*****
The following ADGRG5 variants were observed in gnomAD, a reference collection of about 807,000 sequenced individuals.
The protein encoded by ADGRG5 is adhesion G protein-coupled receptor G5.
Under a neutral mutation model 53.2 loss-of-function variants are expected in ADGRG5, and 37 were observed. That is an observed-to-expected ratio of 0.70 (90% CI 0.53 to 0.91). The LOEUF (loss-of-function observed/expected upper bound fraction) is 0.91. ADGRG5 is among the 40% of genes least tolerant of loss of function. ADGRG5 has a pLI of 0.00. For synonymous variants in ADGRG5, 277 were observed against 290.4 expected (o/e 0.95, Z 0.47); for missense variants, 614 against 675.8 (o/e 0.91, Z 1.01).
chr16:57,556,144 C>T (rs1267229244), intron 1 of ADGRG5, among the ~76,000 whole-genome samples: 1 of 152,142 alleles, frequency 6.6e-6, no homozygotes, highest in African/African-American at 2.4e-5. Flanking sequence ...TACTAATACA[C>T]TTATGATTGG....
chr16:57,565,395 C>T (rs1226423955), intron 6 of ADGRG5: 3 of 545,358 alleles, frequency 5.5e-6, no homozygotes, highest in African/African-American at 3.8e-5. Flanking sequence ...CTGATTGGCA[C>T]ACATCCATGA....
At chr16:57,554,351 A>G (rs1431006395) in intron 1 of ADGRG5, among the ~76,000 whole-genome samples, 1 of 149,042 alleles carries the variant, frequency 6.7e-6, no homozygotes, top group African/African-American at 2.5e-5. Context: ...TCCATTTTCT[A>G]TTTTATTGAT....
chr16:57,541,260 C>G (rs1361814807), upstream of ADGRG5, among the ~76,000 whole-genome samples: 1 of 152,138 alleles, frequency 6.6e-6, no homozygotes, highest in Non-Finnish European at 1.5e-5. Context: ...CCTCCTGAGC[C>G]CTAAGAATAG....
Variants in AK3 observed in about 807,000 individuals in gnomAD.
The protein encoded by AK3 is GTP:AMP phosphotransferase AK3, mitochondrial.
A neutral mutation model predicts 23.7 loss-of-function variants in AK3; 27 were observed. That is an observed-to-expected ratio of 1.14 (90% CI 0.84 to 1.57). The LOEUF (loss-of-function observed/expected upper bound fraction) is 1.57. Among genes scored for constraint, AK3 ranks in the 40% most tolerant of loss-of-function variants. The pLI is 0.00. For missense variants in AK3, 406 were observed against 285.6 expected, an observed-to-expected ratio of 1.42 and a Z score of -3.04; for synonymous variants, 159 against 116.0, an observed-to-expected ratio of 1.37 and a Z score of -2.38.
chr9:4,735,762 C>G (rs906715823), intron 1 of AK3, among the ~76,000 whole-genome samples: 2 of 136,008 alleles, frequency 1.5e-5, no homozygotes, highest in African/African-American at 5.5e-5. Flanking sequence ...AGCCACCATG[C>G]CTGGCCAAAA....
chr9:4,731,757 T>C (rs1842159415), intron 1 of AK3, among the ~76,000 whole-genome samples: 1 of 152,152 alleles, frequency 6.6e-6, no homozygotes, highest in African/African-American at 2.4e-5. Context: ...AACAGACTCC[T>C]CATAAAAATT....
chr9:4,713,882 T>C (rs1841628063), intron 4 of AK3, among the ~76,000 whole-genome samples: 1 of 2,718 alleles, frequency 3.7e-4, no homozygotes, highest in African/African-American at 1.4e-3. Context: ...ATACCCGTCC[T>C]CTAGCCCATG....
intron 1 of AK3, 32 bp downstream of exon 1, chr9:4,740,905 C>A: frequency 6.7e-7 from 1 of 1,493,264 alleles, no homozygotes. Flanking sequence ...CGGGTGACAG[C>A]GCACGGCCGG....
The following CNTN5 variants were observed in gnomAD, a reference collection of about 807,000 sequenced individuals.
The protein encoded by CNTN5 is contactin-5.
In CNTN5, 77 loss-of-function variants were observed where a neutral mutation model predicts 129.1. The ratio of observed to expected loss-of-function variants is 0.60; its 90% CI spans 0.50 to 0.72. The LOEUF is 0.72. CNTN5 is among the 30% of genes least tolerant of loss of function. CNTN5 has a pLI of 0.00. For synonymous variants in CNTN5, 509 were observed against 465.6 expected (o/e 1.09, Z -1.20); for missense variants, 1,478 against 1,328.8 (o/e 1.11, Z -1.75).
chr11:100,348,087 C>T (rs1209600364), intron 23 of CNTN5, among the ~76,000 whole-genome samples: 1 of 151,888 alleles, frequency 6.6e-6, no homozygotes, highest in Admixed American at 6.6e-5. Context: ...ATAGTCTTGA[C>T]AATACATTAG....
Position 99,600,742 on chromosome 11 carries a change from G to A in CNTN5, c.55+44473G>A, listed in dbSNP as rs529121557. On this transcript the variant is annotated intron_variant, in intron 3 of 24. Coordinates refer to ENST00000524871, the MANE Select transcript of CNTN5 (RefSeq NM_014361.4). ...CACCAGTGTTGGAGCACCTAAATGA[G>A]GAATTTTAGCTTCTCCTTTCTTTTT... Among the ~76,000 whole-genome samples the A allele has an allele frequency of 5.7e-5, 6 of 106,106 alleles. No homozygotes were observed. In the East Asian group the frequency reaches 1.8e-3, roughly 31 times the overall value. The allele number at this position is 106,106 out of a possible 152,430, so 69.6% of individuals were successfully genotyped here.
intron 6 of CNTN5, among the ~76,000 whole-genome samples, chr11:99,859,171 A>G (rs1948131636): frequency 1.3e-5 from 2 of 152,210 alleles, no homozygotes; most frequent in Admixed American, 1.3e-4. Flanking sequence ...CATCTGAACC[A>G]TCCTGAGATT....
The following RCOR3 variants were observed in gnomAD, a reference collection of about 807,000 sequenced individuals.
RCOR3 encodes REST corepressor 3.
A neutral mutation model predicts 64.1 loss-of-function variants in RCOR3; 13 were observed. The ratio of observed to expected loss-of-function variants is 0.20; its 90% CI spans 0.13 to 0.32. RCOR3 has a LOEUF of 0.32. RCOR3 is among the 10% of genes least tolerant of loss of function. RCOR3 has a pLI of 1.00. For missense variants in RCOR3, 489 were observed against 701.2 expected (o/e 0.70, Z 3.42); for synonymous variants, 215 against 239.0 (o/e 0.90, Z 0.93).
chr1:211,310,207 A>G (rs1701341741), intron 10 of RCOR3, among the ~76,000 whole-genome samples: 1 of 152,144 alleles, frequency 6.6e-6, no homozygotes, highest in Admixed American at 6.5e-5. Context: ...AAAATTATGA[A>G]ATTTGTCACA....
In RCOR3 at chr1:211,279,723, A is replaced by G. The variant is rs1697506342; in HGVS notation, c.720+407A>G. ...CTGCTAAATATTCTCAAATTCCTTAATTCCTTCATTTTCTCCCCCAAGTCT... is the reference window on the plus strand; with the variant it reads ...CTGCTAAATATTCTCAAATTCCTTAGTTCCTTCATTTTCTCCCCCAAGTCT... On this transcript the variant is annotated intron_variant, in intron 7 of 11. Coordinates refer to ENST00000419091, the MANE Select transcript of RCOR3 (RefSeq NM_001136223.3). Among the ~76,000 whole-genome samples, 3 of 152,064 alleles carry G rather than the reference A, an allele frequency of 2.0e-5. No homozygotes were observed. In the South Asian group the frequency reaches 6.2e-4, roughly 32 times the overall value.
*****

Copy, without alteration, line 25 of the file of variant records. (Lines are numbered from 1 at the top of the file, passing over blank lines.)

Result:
In RCOR3 at chr1:211,279,723, A is replaced by G. The variant is rs1697506342; in HGVS notation, c.720+407A>G. ...CTGCTAAATATTCTCAAATTCCTTAATTCCTTCATTTTCTCCCCCAAGTCT... is the reference window on the plus strand; with the variant it reads ...CTGCTAAATATTCTCAAATTCCTTAGTTCCTTCATTTTCTCCCCCAAGTCT... On this transcript the variant is annotated intron_variant, in intron 7 of 11. Coordinates refer to ENST00000419091, the MANE Select transcript of RCOR3 (RefSeq NM_001136223.3). Among the ~76,000 whole-genome samples, 3 of 152,064 alleles carry G rather than the reference A, an allele frequency of 2.0e-5. No homozygotes were observed. In the South Asian group the frequency reaches 6.2e-4, roughly 32 times the overall value.